Brazil: A Guide to Carnival in Rio de Janeiro

A Carnival Samba group dances in the streets of Rio de Janeiro.  (Photo: Telegraph UK)

A Carnival Samba group dances in the streets of Rio de Janeiro.
(Photo: Telegraph UK)

The 2015 Carnival (Carnaval) has kicked off in Rio de Janeiro, so Rio-carnival.net has pulled together a guide to make sure that you enjoy and understand the meaning behind the world’s largest Carnival celebration.

Rio Carnival History

The Portuguese first brought the concept of “celebration or carnival” to Rio around 1850. The practice of holding balls and masquerade parties was imported by the city’s bourgeoisie from Paris. However, in Brazil, the traditions soon became different. Over time, they acquired unique elements derived from African and Amerindian cultures.

Groups of people would parade through the streets playing music and dancing. It was common that during Carnival, aristocrats would dress up as commoners, men would cross-dress as women and the poor would dress up as princes and princesses – social roles and class differences were expected to be forgotten once a year but only for the duration of the festival.

The black slaves became actively involved in the celebrations. They were able to be free for three days.

By the end of the 18th century, the festivities were enriched by competitions. People would not just dress up in costumes but also perform a parade accompanied by an orchestra of strings, drums and other instruments. These more organized competitions became the main attractions of the Carnival in Rio de Janeiro.

Interesting Fact

Until the beginning of the 20th century, street carnival in Rio was musically a very euro centric affair – Polkas, Waltzes, Mazurkas and ‘Scottish’. Meanwhile, the emergent working class (made up mainly of Afro Brazilians, along with some gypsies, Russian Jews, Poles etc.) developed their own music and rhythm. These racial and cultural groups were mostly based in the central part of Rio, on a land that the rich did not want – on the hills and swamps behind the dockyards – an area which came to be known as ‘Little Africa’ now recognized as the cradle of samba.

About

Although Carnival (Carnaval in Portuguese) is celebrated in towns and villages throughout Brazil and other Catholic countries, Rio de Janeiro has long been regarded as the Carnival capital of the world. The Rio Carnaval is not only the biggest Carnival, it is also a benchmark against which every other carnival is compared and one of the most interesting artistic events on the globe. Nearly 500,000 foreigners visit Carnival every year.

Why?

Rio Carnival is a 5-day celebration, 40 days before Easter. It officially starts on Friday and finishes on Fat Tuesday with the beginning of Lent on Ash Wednesday after which one is supposed to abstain from all bodily pleasures. Carnival with all its excesses, celebrated as a profane event, could be interpreted an act of farewell to the pleasures of the flesh. It is usually in February, the hottest month in the Southern Hemisphere, when summer in Rio is at its peak.

There are carnival celebrations on virtually every corner of Brazil, the best-known celebrations taking place in Recife together with the neighboring Olinda (in the Northeast of Brazil) and Salvador. But the biggest and most famous carnival is undoubtedly Carnival in Rio de Janeiro.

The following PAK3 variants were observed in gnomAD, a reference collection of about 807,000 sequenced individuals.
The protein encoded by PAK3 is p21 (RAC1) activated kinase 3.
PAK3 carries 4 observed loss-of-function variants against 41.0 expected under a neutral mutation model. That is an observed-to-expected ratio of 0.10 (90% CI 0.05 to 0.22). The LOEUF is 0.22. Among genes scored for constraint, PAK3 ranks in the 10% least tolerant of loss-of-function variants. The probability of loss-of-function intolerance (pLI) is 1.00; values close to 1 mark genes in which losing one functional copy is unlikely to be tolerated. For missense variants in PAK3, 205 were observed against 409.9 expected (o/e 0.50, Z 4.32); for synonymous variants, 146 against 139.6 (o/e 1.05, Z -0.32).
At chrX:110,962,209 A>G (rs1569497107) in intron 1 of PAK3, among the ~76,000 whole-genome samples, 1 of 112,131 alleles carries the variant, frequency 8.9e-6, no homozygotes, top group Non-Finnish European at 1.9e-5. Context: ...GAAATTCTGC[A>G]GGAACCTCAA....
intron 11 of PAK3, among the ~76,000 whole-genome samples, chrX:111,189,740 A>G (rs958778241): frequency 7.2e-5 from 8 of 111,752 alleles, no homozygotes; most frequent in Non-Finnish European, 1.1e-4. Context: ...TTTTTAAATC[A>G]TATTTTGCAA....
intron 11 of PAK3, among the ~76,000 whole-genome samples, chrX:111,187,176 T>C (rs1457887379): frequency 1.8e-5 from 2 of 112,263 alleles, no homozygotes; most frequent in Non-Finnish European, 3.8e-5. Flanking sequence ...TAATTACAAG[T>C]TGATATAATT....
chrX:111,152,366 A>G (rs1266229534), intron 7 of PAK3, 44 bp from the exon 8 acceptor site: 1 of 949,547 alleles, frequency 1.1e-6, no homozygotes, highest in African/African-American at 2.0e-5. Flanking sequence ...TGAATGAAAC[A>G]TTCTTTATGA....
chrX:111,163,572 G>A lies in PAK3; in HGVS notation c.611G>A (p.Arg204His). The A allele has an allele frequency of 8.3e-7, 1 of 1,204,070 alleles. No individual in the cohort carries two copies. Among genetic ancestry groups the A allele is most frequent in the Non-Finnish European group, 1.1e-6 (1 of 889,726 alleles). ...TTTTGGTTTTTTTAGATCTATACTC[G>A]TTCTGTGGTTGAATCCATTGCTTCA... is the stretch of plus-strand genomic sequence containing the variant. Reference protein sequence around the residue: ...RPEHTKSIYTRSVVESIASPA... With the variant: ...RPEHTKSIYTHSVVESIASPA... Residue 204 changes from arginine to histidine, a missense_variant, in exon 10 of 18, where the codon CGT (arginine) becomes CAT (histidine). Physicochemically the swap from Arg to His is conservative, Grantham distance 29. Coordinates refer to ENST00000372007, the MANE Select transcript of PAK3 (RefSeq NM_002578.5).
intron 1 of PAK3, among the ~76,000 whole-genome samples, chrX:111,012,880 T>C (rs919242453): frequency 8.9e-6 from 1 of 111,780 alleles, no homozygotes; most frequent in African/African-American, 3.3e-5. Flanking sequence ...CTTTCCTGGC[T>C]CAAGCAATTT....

Rio Carnival is the result of months of preparation. People eagerly anticipate the start of each year’s Rio Carnival. It begins with the crowning of the Fat King (King Momo), who is presented with a giant silver and gold key by the city’s mayor. Then it is Carnival all over the place, in the streets and squares, bars, clubs and all other venues, taking over the whole city of Rio and culminating in the Rio Carnival Parade also known as the Samba Parade.

Samba

Almost all the music played during Rio Carnival is samba. It is a uniquely Brazilian music originating from Rio, a dance form that was invented by impoverished Afro-Brazilians.

The word samba comes from the Angolan world semba referring to a type of ritual music. The word had a variety of meanings to the African slaves brought to Brazil during the 17th, 18th and 19th centuries. It meant to pray or invoke the spirits of the ancestors and the gods of the African Pantheon. As a noun, it could mean a complaint, a cry, or something like “the blues”.

Samba Schools

The samba schools entertain the community through samba nights and create a pageant for the Samba Parade. They have to pick themes, write music and lyrics, make costumes and floats and practice all year around to succeed in the Parade.

The samba schools are vital elements of Rio Carnival. They are social clubs representing a particular neighborhood, usually a working class community of the slums (favelas). They have a samba hall to entertain and practice their samba, and a separate production unit to make their cost

The Parade

Each neighborhood in Rio has its favorite Carnival street band(s). There are more than 300 of them in Rio and this number increases year by year. Each band has its place or street to celebrate and for the big bands, the streets are usually closed to traffic. The processions usually start as early as in January and last till the end of Carnival.

Frequently the people who organize the band’s procession compose the music for their own parade.

The Carnival Bands

The Carnival bands consist of an orchestra, mainly brass. They march along a predetermined route or stay at the same place. Nonetheless they are always joined by hordes of enthusiastic samba revelers dressed in costumes, bathing suits, plain clothes, and many even in drag.

Blocos are usually the smaller ones, attracting more of a neighborhood crowd. Bandas are bigger in size.

To learn more about the history of Rio Carnival, visit Rio-Carnival.net.

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